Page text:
GSA, SFE and Feminism Club Join Together to Discuss Microaggressions

Students from the Feminism Club, the Gay-Straight Alliance (GSA) and Students for Equality (SFE) joined together on Oct. 11 to discuss microaggressions—hostile or derogatory language that perpetuates marginalization of groups of people—in the hallways of Walpole High that affect people of color, members of the LGBTQ+ community and women.

“Today is important to me because I think the issue of inclusive language and avoiding microaggressions in our speech is not one we talk enough about,” Feminism Club adviser Jamie O’Leary said. “I want to hear from students to see if they think [such language] is a problem and how it is a problem.”

Led by O’Leary, GSA adviser Ashley Prickel-Kane and SFE adviser Bailey Tighe, students gathered in the auditorium seats for a quick overview of the definition of a microaggression. After, they broke into small groups, where they discussed individual issues relating to language in the hallways of the school environment.

“I was there as a member of the Feminism Club to talk with members of the GSA and Students For Equality to
discuss an agenda for peace and equality in the Walpole High School community,” senior Erin Mouradian said. Mouradian founded the Feminism Club with senior Lily Ahmed last March.

The topic for discussion at the joint group meeting was how derogatory language is used in the school environment, and how finding a solution is overlooked. Once broken into smaller discussion groups, students shared what they hope to accomplish in the future. With responses varying from creating an informational pamphlet for teachers so they can deal with such a situation to educating students themselves, the student leader coalition addressed the changes they desire to bring to Walpole High and how these changes could occur in the school community in the upcoming year.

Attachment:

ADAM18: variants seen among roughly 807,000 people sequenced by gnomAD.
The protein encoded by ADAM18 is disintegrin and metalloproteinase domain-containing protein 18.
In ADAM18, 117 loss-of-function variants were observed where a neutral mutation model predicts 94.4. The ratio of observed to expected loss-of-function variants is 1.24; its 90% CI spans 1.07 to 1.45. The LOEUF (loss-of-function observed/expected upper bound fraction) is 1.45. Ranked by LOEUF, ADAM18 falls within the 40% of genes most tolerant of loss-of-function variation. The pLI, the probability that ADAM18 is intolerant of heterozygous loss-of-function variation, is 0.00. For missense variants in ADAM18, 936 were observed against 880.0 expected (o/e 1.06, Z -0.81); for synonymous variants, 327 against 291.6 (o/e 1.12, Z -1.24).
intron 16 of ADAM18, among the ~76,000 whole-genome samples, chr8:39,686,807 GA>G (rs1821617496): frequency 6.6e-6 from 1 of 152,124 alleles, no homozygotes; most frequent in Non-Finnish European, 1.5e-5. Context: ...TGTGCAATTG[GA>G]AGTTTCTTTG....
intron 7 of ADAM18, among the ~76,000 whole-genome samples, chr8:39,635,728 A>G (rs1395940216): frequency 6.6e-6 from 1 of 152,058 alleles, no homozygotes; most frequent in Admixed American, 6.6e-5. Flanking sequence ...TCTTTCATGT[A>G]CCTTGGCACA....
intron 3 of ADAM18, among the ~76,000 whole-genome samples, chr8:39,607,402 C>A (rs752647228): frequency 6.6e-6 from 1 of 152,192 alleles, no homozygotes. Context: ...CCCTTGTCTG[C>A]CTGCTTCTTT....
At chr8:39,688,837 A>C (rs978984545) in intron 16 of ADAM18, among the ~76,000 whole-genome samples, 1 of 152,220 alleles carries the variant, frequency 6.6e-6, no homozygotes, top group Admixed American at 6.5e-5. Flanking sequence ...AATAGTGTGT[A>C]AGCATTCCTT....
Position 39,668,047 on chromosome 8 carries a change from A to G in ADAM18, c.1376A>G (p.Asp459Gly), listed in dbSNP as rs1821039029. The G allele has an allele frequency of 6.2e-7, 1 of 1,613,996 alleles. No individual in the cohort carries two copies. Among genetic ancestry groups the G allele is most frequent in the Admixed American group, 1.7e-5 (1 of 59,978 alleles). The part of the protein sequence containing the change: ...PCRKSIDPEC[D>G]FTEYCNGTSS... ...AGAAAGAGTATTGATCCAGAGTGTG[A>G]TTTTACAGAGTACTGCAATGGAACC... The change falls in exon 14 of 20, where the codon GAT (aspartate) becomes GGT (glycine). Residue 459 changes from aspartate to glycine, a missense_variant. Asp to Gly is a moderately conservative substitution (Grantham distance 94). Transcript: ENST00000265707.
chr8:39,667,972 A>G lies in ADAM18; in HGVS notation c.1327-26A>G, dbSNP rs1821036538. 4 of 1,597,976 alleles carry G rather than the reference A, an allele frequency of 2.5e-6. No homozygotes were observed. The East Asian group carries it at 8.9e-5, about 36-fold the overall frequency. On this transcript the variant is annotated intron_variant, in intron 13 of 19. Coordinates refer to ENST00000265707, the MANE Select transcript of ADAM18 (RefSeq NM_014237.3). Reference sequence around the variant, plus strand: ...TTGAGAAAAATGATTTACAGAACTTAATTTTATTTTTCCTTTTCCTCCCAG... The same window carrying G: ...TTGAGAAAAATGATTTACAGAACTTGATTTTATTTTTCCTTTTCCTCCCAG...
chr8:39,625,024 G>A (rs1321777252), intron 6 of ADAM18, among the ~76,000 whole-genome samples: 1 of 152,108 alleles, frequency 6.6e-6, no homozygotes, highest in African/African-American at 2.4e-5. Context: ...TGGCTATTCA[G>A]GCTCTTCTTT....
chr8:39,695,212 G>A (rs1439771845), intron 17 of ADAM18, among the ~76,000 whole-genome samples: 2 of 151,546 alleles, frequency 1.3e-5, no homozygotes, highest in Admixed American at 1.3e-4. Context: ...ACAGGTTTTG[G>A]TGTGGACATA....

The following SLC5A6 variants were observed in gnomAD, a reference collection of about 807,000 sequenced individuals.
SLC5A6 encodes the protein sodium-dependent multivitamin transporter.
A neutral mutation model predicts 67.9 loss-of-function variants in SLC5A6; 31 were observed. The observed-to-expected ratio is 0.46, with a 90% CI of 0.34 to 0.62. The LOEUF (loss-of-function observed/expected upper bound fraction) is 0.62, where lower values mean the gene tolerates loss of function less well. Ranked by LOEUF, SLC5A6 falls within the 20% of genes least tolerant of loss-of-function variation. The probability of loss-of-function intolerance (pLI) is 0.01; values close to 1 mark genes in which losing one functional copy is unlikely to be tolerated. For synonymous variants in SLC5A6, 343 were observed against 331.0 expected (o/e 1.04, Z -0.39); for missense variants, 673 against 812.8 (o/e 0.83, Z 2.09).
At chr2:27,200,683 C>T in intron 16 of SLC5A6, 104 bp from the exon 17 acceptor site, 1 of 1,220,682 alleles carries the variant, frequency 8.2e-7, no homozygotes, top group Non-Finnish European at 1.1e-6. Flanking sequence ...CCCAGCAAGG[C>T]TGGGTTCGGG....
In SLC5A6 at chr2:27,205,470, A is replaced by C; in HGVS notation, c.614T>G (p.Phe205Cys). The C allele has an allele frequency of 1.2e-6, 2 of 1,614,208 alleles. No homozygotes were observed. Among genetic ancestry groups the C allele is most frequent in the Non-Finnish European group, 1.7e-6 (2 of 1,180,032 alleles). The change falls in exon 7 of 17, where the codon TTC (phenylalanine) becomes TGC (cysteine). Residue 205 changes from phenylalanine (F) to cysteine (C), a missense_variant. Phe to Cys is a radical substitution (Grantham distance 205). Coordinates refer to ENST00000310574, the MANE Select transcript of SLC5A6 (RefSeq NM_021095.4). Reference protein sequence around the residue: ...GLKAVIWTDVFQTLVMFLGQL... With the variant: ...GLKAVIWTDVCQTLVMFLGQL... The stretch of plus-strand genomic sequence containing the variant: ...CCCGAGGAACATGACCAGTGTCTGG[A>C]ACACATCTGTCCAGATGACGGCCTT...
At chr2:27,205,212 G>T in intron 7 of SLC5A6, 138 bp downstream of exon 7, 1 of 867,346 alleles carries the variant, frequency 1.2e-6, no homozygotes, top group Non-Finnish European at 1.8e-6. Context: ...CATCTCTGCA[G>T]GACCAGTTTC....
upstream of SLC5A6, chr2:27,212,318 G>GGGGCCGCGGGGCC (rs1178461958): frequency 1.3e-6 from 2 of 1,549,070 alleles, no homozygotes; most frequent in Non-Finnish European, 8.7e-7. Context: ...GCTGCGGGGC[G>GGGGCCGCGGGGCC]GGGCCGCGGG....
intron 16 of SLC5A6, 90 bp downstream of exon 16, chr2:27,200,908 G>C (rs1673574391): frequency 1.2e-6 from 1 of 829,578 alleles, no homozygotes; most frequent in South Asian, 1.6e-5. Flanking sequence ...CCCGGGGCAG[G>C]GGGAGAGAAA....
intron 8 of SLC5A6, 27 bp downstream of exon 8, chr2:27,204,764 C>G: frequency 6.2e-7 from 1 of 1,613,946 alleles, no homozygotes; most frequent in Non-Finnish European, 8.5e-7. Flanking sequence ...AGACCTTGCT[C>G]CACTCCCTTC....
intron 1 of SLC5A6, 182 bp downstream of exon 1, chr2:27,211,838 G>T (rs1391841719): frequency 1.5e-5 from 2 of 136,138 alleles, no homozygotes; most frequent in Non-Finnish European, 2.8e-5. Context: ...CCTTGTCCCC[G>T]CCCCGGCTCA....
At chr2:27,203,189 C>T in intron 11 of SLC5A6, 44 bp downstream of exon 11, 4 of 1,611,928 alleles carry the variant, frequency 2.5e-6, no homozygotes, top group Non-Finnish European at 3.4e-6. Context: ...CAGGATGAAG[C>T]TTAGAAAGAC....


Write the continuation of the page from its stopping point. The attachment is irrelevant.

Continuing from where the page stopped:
“We as a society have fallen into the mindset that it is acceptable for us to tell other people how we think they are. It is none of our business. They know who they are and even if they don’t, they don’t need [other students] to tell them. They just need [people] to be there and accept them for who they are when they decide who they are,” sophomore and GSA member Cate Lightbody said.

In addition to discussing language and its effects in the school, students saw similarities in Walpole High’s new core values of PRIDE: Positivity, Respect, Integrity, Drive, Empathy.

“I think [the meeting] demonstrates PRIDE, and especially respect. A lot of people, at least who I have interacted with so far, have been showing a lot of positivity in their interactions with each other and their drive to make the school a better place,” senior Allison Millette, a member of GSA and Feminism Club, said.

For the future, the groups plan on meeting again to discuss issues to a greater extent in hope of giving a voice to those who stand against discrimination of any kind, while addressing issues that exist at Walpole High but have not yet been addressed. The student leader coalition is planning on another meeting on the upcoming PRIDE Day on Nov. 21 and is accepting anyone that is interested in joining.

“I am here today to be part of a community who is trying to change the culture, the language of Walpole High School,” senior and SFE member Javon Jackson said

Students from GSA, FSE and Feminism Club break into small groups to discuss microaggressions in the halls. (Photo/ Samantha Simons